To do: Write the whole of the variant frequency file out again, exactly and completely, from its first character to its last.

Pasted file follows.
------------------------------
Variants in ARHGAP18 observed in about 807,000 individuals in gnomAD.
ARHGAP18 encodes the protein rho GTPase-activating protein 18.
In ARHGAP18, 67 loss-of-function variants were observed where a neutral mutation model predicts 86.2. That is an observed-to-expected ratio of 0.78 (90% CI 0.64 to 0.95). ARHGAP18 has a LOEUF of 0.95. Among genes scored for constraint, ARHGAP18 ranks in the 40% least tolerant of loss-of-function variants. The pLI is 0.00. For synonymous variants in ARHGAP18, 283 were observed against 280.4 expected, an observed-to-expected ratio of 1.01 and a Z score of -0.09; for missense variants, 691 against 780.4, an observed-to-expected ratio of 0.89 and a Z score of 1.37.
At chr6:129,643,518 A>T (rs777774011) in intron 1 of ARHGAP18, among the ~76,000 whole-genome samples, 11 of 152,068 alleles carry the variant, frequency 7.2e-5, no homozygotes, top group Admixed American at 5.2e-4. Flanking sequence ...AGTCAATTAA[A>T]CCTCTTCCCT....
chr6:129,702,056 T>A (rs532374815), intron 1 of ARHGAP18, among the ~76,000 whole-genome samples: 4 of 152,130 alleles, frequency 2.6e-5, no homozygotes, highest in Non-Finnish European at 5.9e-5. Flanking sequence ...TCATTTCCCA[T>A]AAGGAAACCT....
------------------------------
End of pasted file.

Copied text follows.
Variants in ARHGAP18 observed in about 807,000 individuals in gnomAD.
ARHGAP18 encodes the protein rho GTPase-activating protein 18.
In ARHGAP18, 67 loss-of-function variants were observed where a neutral mutation model predicts 86.2. That is an observed-to-expected ratio of 0.78 (90% CI 0.64 to 0.95). ARHGAP18 has a LOEUF of 0.95. Among genes scored for constraint, ARHGAP18 ranks in the 40% least tolerant of loss-of-function variants. The pLI is 0.00. For synonymous variants in ARHGAP18, 283 were observed against 280.4 expected, an observed-to-expected ratio of 1.01 and a Z score of -0.09; for missense variants, 691 against 780.4, an observed-to-expected ratio of 0.89 and a Z score of 1.37.
At chr6:129,643,518 A>T (rs777774011) in intron 1 of ARHGAP18, among the ~76,000 whole-genome samples, 11 of 152,068 alleles carry the variant, frequency 7.2e-5, no homozygotes, top group Admixed American at 5.2e-4. Flanking sequence ...AGTCAATTAA[A>T]CCTCTTCCCT....
chr6:129,702,056 T>A (rs532374815), intron 1 of ARHGAP18, among the ~76,000 whole-genome samples: 4 of 152,130 alleles, frequency 2.6e-5, no homozygotes, highest in Non-Finnish European at 5.9e-5. Flanking sequence ...TCATTTCCCA[T>A]AAGGAAACCT....